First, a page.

As the term cactus includes a large number of varying cacti species, there exists a significant number of fungal diseases and bacterial problems that can cause the flesh of a cactus to turn black. Weather also plays a part, when freeze damage wounds the cacti to the point that its tissue has trouble regenerating.
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A cactus that turns black may have suffered freeze damage. As many cacti originated in frost-free climates and are now planted in climatic zones that stretch their comfort levels, cacti are sensitive to freezing temperatures. The cold, however, typically must persist for several hours for the injury to occur. When it does, the injured, blackened area will dry out over the course of several weeks and take on a sort of crispness. In many cases, the injury is only aesthetic and the cactus will regenerate its tissue over time.
Phyllosticta Pad Spot
Phyllosticta pad spot is a fungal disease that causes black lesions to appear across a cactus. These black spots are large collections of the reproductive, fruiting bodies of the disease. The entire pad surface of cacti may become blackened with phyllosticta pad spot. The infection may be more severe on the lower section of the plant where humidity is higher, but once the pad dries, the fungus becomes inactive and the lesions disappear. Severely infected pads or plants should be removed to prevent spread of the fungus.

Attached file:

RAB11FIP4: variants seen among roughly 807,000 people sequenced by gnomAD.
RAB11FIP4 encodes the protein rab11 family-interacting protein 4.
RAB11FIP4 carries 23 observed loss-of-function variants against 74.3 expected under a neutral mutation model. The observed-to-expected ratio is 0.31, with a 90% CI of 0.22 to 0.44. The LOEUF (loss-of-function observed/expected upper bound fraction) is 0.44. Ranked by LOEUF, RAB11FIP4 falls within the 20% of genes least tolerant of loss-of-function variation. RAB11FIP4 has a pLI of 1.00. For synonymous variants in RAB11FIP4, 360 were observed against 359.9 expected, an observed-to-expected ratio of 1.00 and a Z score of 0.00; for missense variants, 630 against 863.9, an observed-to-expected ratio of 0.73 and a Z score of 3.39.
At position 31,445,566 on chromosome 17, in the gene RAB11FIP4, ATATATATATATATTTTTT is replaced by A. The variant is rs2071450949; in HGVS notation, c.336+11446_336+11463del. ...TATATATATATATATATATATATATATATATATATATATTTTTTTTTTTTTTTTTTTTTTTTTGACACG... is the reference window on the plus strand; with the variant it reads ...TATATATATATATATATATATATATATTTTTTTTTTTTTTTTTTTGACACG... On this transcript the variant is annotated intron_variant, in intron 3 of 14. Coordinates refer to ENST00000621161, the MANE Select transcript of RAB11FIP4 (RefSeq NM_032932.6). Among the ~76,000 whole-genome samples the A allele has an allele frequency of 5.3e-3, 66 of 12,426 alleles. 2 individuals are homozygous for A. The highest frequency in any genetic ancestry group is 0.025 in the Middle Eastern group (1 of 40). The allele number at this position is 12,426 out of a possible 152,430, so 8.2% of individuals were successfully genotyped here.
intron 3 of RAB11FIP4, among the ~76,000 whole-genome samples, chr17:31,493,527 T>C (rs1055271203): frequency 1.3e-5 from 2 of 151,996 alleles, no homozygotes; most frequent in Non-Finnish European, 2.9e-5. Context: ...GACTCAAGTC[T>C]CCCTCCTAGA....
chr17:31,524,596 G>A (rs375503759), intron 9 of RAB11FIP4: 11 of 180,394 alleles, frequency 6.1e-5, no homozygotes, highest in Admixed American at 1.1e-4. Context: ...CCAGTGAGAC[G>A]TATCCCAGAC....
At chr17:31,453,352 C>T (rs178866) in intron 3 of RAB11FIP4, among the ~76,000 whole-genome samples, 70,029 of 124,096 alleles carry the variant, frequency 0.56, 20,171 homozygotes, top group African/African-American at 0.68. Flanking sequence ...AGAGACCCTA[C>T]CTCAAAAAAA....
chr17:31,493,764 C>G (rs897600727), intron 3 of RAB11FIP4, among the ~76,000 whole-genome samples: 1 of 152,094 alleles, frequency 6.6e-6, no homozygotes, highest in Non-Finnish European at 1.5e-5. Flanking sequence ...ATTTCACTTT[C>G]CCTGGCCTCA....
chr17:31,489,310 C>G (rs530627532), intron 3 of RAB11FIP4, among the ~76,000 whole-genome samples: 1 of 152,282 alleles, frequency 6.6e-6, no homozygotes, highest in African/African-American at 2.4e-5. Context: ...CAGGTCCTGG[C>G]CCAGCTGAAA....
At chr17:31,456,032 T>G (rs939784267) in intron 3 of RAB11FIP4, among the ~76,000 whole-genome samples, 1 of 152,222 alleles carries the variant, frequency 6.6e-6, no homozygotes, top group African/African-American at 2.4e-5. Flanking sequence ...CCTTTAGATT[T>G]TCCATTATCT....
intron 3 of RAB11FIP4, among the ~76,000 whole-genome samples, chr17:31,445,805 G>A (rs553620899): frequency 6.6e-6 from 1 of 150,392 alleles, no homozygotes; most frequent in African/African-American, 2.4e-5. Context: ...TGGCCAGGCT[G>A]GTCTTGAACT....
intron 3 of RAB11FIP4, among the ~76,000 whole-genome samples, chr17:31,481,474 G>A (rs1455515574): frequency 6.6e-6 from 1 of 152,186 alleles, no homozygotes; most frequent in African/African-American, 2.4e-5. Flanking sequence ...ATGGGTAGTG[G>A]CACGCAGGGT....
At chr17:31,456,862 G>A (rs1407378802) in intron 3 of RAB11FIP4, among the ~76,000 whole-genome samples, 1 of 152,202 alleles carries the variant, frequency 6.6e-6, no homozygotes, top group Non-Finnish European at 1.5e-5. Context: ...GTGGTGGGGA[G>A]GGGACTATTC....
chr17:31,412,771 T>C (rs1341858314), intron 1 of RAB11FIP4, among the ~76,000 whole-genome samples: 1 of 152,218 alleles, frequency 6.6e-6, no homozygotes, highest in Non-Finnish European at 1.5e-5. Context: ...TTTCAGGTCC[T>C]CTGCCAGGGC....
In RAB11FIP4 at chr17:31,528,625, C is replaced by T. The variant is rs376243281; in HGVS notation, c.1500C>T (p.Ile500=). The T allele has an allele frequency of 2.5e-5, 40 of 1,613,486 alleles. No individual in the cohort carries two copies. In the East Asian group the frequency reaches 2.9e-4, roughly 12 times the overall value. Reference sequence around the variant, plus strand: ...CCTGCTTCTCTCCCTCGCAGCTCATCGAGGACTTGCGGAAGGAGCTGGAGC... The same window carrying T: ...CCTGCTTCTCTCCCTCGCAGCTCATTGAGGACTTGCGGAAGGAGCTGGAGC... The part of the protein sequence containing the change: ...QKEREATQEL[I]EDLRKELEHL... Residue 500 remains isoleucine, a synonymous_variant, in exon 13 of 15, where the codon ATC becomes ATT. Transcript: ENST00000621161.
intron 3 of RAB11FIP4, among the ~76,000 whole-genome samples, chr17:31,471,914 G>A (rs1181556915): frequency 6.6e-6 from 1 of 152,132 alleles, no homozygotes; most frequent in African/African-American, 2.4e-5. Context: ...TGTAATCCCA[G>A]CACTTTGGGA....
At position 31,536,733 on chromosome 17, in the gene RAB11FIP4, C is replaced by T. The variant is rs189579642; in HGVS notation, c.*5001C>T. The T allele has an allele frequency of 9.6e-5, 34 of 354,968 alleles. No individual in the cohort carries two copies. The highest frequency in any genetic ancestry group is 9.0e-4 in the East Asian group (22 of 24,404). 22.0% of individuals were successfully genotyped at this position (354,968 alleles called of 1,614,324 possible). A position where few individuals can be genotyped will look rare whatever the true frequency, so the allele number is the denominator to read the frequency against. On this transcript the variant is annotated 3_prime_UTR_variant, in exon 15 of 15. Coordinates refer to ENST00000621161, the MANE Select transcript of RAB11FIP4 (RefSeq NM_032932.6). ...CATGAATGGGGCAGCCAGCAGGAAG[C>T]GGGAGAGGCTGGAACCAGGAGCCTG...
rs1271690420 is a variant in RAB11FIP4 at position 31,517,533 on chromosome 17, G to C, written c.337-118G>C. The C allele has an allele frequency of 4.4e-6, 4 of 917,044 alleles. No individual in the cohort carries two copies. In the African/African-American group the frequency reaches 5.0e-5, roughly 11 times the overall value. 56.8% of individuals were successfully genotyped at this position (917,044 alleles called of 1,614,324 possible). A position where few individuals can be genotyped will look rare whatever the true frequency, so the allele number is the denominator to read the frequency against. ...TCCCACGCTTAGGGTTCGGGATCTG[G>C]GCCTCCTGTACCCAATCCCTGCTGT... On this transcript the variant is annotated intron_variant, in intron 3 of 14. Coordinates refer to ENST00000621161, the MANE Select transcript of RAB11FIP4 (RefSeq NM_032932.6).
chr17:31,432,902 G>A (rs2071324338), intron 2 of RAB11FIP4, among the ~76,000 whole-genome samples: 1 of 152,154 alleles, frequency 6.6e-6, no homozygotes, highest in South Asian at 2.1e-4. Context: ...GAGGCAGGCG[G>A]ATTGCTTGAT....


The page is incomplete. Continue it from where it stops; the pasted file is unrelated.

Black, sunken areas that are soft and waterlogged are symptoms of infection of a fungal crown rot disease that afflicts several species of Echinocereus cacti, in addition to pad cacti. Caused by the pathogen helminthosporium, this crown rot normally initiates on the upper part of the cactus and produces an internal rot, in addition to the rotting of the pads of pad cacti. Fungicides can help to prevent this disease, but infected plants should be removed and destroyed.
The saguaro cactus can face an onslaught of the disease known as bacterial necrosis. This problem first displays as small, lightly colored wet spots on the cactus before worsening into an intense, dark brown or black rotting of the tissue beneath the infection site. As the disease worsens, the tissue cracks and a dark, brown liquid oozes from the plant. The infection sneaks into the saguaro via wounds along the trunk or branches and is capable of existing in the surrounding soil for a lengthy time. Insects also transfer the bacteria.